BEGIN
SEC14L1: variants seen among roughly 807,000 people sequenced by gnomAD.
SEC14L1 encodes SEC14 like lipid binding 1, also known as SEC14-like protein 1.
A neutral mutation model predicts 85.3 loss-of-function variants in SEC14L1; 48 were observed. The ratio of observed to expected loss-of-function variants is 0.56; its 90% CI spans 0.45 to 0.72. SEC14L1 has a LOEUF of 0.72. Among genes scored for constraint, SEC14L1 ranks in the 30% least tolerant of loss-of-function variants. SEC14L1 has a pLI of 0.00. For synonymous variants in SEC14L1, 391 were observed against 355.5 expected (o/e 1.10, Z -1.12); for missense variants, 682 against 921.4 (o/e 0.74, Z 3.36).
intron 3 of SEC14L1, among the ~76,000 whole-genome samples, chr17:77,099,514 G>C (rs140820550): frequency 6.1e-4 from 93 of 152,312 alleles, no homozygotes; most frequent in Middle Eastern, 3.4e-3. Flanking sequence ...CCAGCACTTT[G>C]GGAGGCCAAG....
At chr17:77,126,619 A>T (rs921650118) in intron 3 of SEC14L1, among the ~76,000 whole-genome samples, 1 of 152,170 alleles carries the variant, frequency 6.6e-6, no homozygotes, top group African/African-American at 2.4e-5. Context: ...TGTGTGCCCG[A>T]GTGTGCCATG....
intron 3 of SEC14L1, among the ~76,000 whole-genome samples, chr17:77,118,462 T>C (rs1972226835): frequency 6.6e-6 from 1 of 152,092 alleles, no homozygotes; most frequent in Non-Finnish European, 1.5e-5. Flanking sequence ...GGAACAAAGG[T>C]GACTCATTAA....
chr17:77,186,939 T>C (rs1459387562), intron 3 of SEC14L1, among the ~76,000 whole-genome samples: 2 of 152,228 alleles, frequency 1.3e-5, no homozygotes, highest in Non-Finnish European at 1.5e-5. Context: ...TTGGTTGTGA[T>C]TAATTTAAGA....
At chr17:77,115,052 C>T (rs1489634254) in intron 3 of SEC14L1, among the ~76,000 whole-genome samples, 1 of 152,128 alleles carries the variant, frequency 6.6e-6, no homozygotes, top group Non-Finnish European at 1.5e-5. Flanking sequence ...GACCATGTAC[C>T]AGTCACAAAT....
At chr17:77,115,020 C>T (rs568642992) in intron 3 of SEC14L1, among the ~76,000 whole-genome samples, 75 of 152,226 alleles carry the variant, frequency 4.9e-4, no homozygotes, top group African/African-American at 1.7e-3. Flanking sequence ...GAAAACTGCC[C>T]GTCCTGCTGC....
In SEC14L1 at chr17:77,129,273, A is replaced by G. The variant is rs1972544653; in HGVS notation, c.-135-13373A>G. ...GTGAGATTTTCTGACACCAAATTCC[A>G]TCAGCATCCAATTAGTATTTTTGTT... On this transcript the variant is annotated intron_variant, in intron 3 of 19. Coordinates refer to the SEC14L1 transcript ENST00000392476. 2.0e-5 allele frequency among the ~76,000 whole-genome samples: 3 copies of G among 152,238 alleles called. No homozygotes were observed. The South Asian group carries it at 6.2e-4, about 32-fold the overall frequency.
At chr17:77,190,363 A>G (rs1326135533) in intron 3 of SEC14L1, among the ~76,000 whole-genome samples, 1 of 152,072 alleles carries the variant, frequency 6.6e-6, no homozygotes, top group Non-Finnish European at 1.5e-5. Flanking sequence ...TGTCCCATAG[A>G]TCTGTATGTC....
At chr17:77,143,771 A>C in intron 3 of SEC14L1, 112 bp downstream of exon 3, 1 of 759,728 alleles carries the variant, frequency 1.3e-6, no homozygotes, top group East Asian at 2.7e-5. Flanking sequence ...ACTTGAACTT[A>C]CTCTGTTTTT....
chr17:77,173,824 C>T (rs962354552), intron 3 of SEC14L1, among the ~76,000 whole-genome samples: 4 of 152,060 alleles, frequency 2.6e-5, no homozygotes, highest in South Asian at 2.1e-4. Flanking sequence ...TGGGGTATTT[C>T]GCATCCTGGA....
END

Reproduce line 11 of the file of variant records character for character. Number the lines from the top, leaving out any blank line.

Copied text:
At chr17:77,190,363 A>G (rs1326135533) in intron 3 of SEC14L1, among the ~76,000 whole-genome samples, 1 of 152,072 alleles carries the variant, frequency 6.6e-6, no homozygotes, top group Non-Finnish European at 1.5e-5. Flanking sequence ...TGTCCCATAG[A>G]TCTGTATGTC....